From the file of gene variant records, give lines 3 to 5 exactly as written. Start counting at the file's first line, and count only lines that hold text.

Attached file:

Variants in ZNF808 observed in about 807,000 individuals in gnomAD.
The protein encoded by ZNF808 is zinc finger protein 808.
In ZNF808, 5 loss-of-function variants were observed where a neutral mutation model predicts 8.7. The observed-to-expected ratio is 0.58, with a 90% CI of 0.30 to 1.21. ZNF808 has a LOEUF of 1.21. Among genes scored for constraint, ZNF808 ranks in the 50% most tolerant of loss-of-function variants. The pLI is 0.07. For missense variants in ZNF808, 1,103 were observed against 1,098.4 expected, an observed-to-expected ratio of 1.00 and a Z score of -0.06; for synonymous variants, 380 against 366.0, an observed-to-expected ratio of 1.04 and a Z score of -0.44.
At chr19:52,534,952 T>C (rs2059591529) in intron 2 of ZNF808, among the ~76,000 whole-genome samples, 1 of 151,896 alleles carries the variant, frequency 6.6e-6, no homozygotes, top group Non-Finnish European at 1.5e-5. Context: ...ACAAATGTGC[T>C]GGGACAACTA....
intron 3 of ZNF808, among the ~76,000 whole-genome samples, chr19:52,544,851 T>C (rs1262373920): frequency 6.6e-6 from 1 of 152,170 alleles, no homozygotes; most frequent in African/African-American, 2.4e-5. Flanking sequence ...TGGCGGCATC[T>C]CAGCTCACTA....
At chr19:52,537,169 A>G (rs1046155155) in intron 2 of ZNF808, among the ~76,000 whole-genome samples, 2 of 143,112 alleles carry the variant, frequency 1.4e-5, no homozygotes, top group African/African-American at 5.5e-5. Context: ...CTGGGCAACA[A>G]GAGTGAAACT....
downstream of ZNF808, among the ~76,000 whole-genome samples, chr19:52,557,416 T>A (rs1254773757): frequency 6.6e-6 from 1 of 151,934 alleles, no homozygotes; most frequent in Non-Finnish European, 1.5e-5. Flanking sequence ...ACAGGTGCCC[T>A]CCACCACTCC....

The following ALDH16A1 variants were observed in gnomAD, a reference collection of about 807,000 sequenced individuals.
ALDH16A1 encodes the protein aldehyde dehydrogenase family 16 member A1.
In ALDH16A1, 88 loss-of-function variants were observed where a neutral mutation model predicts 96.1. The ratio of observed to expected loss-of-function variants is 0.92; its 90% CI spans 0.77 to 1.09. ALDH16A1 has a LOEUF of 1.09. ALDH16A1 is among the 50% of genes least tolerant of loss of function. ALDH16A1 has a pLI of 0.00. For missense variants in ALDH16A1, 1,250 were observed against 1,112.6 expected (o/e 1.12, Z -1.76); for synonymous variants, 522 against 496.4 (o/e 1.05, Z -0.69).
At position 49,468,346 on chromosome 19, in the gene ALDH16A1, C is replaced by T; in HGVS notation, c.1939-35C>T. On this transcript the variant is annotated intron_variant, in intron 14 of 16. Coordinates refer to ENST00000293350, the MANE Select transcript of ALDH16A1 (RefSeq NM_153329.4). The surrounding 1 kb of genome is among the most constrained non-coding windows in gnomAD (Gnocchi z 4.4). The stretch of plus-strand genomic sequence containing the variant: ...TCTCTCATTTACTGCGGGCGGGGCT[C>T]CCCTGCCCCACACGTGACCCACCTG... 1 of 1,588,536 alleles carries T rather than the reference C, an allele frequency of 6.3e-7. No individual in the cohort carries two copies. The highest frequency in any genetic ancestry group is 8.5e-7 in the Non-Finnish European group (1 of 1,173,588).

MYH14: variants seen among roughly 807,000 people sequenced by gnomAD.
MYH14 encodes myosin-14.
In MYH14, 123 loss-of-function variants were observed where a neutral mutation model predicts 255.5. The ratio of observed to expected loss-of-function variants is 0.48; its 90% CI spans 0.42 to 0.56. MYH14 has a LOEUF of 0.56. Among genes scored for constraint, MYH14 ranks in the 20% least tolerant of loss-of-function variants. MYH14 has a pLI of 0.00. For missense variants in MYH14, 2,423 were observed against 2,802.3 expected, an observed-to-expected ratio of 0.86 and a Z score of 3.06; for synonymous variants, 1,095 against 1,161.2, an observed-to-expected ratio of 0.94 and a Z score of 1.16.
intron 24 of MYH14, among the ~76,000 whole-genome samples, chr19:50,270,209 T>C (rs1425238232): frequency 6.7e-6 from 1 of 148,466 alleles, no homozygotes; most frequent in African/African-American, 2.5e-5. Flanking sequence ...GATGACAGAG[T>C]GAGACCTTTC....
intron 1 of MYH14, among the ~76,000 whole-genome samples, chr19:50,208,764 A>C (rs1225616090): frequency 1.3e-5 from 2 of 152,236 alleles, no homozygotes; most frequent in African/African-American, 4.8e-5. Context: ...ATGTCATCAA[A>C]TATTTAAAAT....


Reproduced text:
In ZNF808, 5 loss-of-function variants were observed where a neutral mutation model predicts 8.7. The observed-to-expected ratio is 0.58, with a 90% CI of 0.30 to 1.21. ZNF808 has a LOEUF of 1.21. Among genes scored for constraint, ZNF808 ranks in the 50% most tolerant of loss-of-function variants. The pLI is 0.07. For missense variants in ZNF808, 1,103 were observed against 1,098.4 expected, an observed-to-expected ratio of 1.00 and a Z score of -0.06; for synonymous variants, 380 against 366.0, an observed-to-expected ratio of 1.04 and a Z score of -0.44.
At chr19:52,534,952 T>C (rs2059591529) in intron 2 of ZNF808, among the ~76,000 whole-genome samples, 1 of 151,896 alleles carries the variant, frequency 6.6e-6, no homozygotes, top group Non-Finnish European at 1.5e-5. Context: ...ACAAATGTGC[T>C]GGGACAACTA....
intron 3 of ZNF808, among the ~76,000 whole-genome samples, chr19:52,544,851 T>C (rs1262373920): frequency 6.6e-6 from 1 of 152,170 alleles, no homozygotes; most frequent in African/African-American, 2.4e-5. Flanking sequence ...TGGCGGCATC[T>C]CAGCTCACTA....